It's time for that annual fan-friendly event, the College World Series, which is as readily identifiable with Omaha as potholes and unreasonable property taxes. To make it easier for fans following their team who may be unfamiliar with Omaha, we've compiled our 2013 CWS Visitors Guide.
It's important to realize that security at TD Ameritrade Park is paramount, so upon entering be prepared to have your bag searched, your shoes X-rayed, your water bottle seized and for you to be held upside down by the ankles and vigorously shaken. But this is all routine. (If security takes your bottle of water, chugs all but the last swallow and hands it back to you while saying, “Enjoy the game,” notify an usher.)
The most important thing to remember is do not under any circumstance attempt to carry an umbrella into the stadium. I wouldn't say officials have no patience for umbrellas, but the last person to try bringing one in ended up spending the game locked in a utility closet.
If there is a long weather delay, there are all kinds of fun things to do around the stadium. For example, taking a magic marker and writing your name on one of the plaques denoting wealthy TD Ameritrade Park donors. Dads may also enjoy sampling a brewski from one of the estimated 177 beer gardens surrounding TD Ameritrade Park or hitching a ride on one of the party buses that pass by every 2.4 seconds.
The annual CWS Fan Fest offers a plethora of fun activities that should appeal to all fans between the ages of 7 and 8. There is typically a batting contest inside a mini-stadium, which usually offers the fan's best chance of seeing a home run anywhere in the vicinity of spacious TD Ameritrade Park.
Getting around town
The fastest way to get from Point A to Point B in Omaha is to disguise every family member as an orange traffic cone and run through closed roads. Otherwise, it's very difficult. But if one is patient and willing to carry a bedroll, food and water in your vehicle, one can enjoy some of the Omaha attractions. You can also try to catch a ride on a bus. Just don't ask any locals for advice on taking the bus. I know people who have lived here 40 years and have not managed to figure out our bus routes, which are loosely based on a centuries-old French maze.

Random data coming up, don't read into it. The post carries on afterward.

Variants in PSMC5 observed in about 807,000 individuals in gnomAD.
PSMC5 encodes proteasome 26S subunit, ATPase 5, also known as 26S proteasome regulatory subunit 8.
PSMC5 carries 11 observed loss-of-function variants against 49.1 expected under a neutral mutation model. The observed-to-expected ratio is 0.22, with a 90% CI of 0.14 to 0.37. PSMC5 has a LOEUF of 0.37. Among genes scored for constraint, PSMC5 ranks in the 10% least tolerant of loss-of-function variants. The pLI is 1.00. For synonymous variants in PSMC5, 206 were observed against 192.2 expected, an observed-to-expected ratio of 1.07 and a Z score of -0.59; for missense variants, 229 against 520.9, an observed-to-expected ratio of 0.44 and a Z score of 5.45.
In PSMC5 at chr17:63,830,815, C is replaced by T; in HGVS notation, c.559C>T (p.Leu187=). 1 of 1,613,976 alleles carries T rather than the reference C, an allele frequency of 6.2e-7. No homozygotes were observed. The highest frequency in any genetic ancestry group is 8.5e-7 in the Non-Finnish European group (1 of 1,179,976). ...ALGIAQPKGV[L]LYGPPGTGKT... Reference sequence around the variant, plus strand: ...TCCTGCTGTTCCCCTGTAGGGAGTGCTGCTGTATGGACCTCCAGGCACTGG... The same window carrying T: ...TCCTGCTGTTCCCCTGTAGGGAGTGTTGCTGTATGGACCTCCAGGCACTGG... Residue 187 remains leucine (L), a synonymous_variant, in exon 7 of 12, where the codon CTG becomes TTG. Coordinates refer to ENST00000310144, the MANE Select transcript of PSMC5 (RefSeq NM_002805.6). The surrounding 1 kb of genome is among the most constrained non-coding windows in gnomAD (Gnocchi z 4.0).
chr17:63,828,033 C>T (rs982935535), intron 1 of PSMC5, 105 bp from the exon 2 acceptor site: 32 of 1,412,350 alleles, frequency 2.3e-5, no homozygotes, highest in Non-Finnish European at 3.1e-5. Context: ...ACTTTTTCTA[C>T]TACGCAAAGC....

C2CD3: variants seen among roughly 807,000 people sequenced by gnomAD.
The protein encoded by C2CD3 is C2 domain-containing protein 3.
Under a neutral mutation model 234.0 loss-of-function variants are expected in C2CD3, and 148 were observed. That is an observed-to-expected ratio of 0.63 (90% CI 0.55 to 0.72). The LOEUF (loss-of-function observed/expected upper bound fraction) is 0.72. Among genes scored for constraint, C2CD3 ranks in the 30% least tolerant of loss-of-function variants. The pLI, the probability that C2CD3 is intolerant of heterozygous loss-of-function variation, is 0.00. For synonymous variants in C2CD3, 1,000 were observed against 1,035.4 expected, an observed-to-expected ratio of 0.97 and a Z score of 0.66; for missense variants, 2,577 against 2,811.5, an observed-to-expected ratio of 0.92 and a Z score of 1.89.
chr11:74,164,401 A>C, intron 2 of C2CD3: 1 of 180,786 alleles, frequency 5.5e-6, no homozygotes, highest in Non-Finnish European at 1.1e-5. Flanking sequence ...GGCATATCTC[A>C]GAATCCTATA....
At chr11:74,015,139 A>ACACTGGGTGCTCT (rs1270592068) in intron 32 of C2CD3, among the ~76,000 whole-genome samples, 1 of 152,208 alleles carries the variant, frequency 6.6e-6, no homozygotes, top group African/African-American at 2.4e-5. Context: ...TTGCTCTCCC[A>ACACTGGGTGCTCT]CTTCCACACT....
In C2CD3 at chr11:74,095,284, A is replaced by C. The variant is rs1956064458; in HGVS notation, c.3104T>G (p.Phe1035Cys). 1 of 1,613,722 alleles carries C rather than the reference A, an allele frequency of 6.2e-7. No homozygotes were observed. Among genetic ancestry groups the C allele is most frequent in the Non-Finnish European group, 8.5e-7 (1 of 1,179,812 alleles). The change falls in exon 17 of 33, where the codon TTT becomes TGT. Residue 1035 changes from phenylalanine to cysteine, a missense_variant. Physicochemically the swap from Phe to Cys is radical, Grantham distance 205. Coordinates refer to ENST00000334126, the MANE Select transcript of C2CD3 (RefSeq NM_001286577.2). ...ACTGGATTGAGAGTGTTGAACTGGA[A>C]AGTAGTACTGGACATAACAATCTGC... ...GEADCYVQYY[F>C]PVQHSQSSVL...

Things to do
For starters, the Durham Museum on 10th Street features a million-year-old dinosaur, so it's almost like Gene Stephenson is here.
For those who want to look at live animals, the Henry Doorly Zoo boasts a new 9-foot Komodo dragon that can consume 80 percent of its body weight at one meal — sort of like a CWS fan at Anthony's.
If you haven't had enough baseball, the Class AAA Omaha Storm Chasers play at Werner Park. Visitors will probably never find it, but if they do, be prepared to enjoy the only professional baseball stadium in North America with a waterslide down the third-base line.
Visitors staying in a local hotel or motel during the College World Series hopefully brought lots and lots of money. Through some eerie, unexplained phenomenon, hotel rates always seem to rise a day or so before the College World Series. (If hotel operators see you approaching in an Indiana T-shirt, plan on them raising the rates an additional 10 percent.) If you are on a budget, I understand motels in the town of Alliance, in western Nebraska, are reasonable, but plan on a seven-hour drive to the stadium.
There are many conveniently located restaurants near TD Ameritrade Park. If you didn't make a reservation last February, expect to stand in a line that ends somewhere around runway two at Eppley Airfield.
Local television in Omaha can be quite exciting and interesting, and I'm defining “exciting and interesting” as five “Wheel of Fortune” episodes per day and 15 “M*A*S*H” reruns.
The Omaha World-Herald publishes seven days per week and will be featuring special College World Series sections that are roughly as thick as the Beijing phone book. We don't just cover wins and losses, but also offer in-depth human-interest stories, like our upcoming four-page feature on the LSU assistant trainer's third cousin's Gatorade bottle collection.
The odds of finding a convenient parking spot directly in front of the stadium are approximately the same as winning the Powerball lottery. But only a stone's throw from the stadium is the massive TD Ameritrade Park parking lot, which can accommodate pretty much every car in the state. Just probably not yours, if you arrive less than an hour before game time. These fans should plan on parking in a lot a few blocks from the stadium for anywhere between $10 and $20. (Indiana fans can expect to pay $30 to $40.)
If you feel you've been gouged for anything, the Omaha visitors bureau asks that you call a special hot line: 555-555-5555.
The best way to save money at the College World Series is to walk up to a group of fans who are cooking in front of a Winnebago and say something like, “Dude! It's been so long,” and then begin eating the strangers' food. This is usually perfectly OK, but doggie bags are frowned upon.
Souvenir tents around TD Ameritrade Park will be selling loads of practical memorabilia. For instance, this year there's a UCLA hubcap and a Mississippi State earwax removal system. Oh, and don't forget to purchase an official College World Series, NCAA-sanctioned toothpick for only $29.99.